Work has been done to further enhance the implementation guidelines applying to the ISO 20022 XML customer-to-bank direct debit messages. These guidelines are based on a number of existing community guidelines. Harmonised specifications for the customer-to-bank communication are available as of September 2008 for optional but strongly recommended implementation in February 2009 for Credit Transfer. In December 2008, the Plenary also approved the C2B Core Direct Debit Guidelines version 3.2 and the C2B B2B Direct Debit Guidelines v1.1, the latter pertaining to the Business to Business Direct Debit Scheme. The updated Implementation Guidelines are communicated to national banking communities, relevant stakeholders and suppliers in order for them to take the next steps in implementation effective for the launch date of the Schemes. Changes also included those to the C2B Core Direct Debit Guidelines agreed for the optional e-mandate service now forming part of the Core Direct Debit Scheme Rulebook version 3.2. The latest versions of the Direct Debit Implementation Guidelines will be available at the website (for further details see also the article "Less is more: one Standard for the Customer-to-Bank Communication" in this newsletter).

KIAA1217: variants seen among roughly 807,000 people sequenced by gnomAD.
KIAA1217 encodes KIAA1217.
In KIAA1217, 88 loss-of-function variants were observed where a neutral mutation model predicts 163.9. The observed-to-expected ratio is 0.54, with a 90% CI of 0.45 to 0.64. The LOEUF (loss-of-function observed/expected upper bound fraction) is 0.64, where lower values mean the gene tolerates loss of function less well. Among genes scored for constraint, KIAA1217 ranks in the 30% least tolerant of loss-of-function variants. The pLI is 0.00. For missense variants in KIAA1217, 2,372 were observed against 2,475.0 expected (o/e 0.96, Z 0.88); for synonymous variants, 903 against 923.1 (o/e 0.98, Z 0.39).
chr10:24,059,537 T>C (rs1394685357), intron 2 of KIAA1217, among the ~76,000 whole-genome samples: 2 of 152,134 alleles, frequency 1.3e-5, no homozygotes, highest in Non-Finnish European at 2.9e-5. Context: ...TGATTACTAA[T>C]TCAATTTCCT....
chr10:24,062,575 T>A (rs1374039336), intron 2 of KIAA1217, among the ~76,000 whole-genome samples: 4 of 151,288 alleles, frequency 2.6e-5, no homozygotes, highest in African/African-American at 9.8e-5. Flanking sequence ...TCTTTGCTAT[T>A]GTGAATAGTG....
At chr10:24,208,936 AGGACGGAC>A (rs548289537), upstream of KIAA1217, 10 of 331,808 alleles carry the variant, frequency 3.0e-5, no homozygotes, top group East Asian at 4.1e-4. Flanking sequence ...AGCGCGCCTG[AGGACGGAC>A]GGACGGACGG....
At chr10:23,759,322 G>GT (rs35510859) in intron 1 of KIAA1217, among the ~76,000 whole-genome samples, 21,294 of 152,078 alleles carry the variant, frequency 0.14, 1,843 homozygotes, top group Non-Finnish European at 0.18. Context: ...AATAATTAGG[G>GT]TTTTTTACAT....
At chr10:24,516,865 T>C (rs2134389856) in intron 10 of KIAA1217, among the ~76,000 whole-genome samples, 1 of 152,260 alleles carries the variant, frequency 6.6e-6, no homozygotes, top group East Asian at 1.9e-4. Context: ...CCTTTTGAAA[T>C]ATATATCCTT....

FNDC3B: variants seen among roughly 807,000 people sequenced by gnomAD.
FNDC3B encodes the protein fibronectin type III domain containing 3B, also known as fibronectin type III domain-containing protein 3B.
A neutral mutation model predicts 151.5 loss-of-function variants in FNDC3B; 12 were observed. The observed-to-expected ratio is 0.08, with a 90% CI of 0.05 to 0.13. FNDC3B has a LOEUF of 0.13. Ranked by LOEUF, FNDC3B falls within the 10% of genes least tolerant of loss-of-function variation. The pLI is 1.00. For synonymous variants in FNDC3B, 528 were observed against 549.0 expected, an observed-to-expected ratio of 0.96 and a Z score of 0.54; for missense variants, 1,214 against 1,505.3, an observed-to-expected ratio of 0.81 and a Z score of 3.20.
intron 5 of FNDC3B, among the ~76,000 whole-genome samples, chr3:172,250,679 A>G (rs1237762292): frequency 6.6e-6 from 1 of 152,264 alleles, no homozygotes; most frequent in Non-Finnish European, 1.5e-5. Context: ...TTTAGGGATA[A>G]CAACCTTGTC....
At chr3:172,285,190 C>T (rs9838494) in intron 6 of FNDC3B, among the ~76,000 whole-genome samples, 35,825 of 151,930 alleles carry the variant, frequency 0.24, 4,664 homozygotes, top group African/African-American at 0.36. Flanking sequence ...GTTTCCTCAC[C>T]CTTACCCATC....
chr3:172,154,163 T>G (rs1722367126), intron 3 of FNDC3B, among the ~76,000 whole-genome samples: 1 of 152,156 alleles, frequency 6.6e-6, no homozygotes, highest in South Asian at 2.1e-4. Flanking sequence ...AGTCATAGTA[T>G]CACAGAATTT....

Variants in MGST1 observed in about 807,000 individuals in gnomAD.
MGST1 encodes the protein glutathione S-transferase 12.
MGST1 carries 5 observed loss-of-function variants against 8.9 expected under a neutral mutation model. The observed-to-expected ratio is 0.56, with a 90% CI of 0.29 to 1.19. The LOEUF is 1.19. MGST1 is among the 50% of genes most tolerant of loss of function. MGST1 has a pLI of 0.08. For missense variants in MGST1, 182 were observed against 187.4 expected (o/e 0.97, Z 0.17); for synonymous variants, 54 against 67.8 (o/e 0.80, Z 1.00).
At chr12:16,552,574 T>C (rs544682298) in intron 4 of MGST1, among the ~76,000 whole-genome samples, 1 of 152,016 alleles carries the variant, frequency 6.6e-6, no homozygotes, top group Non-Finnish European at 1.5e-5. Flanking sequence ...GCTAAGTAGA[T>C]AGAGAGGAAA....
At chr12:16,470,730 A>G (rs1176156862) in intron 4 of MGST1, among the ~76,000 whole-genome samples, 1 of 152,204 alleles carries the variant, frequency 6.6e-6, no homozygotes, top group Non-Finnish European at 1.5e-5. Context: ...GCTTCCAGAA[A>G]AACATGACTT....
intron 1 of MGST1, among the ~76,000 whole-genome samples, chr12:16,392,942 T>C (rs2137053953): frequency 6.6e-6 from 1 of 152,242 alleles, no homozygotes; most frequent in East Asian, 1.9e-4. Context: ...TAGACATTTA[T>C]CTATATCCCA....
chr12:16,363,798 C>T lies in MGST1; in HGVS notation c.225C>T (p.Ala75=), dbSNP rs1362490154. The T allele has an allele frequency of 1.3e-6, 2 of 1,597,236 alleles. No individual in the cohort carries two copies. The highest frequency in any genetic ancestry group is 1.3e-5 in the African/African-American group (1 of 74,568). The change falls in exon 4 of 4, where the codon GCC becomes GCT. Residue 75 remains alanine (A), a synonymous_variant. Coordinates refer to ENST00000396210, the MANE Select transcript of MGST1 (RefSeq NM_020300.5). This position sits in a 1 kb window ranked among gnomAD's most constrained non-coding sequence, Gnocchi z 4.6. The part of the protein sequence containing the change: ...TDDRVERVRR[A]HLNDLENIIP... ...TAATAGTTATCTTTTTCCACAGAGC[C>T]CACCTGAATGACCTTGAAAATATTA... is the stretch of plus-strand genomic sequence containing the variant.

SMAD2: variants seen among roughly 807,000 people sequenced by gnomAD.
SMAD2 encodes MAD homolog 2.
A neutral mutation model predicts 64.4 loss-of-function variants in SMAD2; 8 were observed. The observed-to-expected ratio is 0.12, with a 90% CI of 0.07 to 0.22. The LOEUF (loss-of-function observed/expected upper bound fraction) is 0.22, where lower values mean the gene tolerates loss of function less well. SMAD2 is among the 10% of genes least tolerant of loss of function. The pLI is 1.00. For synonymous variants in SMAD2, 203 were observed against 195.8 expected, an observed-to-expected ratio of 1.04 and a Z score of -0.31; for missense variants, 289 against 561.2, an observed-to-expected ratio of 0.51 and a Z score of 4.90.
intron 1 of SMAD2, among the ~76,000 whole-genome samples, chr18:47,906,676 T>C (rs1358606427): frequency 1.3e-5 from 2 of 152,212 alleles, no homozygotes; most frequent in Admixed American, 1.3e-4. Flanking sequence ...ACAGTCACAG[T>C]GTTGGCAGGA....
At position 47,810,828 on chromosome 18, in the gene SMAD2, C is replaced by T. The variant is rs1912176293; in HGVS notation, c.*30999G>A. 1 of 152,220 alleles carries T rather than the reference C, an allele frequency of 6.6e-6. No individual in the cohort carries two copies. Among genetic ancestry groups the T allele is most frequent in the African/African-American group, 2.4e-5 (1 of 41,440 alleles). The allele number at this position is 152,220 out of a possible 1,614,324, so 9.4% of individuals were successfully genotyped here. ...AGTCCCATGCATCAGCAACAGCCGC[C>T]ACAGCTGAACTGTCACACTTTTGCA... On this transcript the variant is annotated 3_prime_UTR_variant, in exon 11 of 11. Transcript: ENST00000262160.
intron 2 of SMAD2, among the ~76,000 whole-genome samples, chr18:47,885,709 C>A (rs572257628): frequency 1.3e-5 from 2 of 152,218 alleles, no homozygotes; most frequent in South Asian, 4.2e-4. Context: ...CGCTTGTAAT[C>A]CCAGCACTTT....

Annual release schedule for Schemes agreed
The Scheme Management Internal Rules (SMIR) annexed to the Scheme Rulebooks, respectively, foresee the possibility of an annual release for the Schemes, whereby may introduce changes in the Rulebooks. The Plenary resolved that will have one annual release date, common for all Schemes, which will be the third week of November, aligned with the SWIFT release date. The release date will be preceded by a freeze period of 12 months. The goal is to ensure that the banking industry works with a single Rulebook version throughout . In addition, the timeline for submission of suggestions for changes to the Schemes was approved (for further details including the timeline for the 2010 release of the Credit Transfer Scheme please see the article "SEPA Schemes: EPC approves Release Schedule" in this newsletter).
Application pack for non-credit institutions wishing to adhere to the Credit Transfer Scheme